First episode of psychosis linked to higher suicide risk

YOUNG patients experiencing a first episode of psychosis are at high risk of attempting suicide, even when undergoing specialist care, Australian data shows.

Researchers looked retrospectively at suicide characteristics of 607 patients treated at the Early Psychosis Prevention and Intervention Centres (EPPIC), pioneered by Professor Patrick McGorry.

They found 12% of the patients attempted suicide during treatment and 73% of those attempted suicide more than once.

More than 80% of suicide attempts occurred while the patient was having regular outpatient contact.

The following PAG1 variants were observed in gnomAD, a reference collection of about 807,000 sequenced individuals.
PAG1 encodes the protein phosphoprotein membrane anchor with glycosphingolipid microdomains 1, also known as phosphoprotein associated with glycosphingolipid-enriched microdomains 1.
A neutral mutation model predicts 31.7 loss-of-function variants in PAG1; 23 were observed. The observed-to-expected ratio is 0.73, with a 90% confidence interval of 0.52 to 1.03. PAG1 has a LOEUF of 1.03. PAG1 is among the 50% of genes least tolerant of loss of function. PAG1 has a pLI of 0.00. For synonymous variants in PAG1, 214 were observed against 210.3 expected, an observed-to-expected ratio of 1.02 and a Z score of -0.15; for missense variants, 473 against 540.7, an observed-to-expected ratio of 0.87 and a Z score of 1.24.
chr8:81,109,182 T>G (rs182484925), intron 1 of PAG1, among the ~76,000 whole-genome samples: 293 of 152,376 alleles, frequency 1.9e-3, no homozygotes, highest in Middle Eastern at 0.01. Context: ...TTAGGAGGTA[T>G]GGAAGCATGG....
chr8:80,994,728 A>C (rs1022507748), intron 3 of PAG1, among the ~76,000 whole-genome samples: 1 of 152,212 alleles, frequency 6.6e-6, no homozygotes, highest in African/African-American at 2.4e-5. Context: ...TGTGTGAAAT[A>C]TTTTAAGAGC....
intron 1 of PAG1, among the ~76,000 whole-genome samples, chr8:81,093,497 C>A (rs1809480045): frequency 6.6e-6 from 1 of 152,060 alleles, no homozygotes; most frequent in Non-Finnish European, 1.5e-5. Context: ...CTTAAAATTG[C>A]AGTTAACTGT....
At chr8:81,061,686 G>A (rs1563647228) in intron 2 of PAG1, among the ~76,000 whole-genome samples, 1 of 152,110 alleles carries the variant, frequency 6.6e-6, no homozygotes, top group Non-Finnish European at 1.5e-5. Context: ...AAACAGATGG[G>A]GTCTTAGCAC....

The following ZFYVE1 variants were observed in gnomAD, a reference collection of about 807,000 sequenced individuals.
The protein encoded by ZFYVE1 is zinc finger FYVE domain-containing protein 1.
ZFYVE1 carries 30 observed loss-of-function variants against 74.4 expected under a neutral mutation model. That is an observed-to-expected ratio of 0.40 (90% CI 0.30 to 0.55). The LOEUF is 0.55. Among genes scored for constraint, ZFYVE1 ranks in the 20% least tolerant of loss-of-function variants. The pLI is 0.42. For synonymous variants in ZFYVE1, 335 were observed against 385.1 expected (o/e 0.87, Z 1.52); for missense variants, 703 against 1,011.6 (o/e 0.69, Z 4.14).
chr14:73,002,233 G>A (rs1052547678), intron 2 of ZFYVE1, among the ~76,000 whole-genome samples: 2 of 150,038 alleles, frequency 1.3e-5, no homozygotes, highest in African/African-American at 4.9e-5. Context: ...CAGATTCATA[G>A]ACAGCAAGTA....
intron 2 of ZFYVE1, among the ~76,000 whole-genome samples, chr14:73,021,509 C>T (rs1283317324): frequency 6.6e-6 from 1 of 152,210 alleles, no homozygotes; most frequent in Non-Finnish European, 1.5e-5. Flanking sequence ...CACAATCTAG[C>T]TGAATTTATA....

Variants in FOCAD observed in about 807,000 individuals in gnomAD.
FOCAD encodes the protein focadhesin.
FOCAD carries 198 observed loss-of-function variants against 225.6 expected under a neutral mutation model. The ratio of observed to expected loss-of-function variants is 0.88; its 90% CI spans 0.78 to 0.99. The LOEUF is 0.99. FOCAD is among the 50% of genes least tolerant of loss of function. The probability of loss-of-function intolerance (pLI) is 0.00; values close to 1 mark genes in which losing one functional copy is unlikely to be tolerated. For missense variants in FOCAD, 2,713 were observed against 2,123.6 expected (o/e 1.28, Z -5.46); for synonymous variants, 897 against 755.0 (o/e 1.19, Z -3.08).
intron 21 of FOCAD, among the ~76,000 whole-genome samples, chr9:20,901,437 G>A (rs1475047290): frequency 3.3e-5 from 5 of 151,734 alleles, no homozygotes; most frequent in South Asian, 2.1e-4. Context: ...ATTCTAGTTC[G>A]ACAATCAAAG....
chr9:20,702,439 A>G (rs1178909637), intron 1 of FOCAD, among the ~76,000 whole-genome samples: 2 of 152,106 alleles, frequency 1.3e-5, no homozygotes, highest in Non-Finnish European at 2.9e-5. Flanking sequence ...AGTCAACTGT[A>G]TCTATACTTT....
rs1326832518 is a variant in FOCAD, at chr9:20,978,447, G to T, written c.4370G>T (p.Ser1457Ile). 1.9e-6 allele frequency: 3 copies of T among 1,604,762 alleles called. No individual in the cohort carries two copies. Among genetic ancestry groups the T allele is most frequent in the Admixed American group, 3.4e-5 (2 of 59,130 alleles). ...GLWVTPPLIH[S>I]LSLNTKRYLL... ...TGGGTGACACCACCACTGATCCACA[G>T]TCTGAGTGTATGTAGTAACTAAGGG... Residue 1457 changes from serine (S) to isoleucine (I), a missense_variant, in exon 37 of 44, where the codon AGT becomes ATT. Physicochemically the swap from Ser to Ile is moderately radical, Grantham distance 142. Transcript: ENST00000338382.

The study found that drug overdose was the most common method of attempted suicide, with nearly half of attempts involving antipsychotic medication.

Professor Stanley Catts, a psychiatrist from the discipline of psychiatry at the University of Queensland, said assessment of the risk of suicide in patients with first episode psychosis should be based on contextual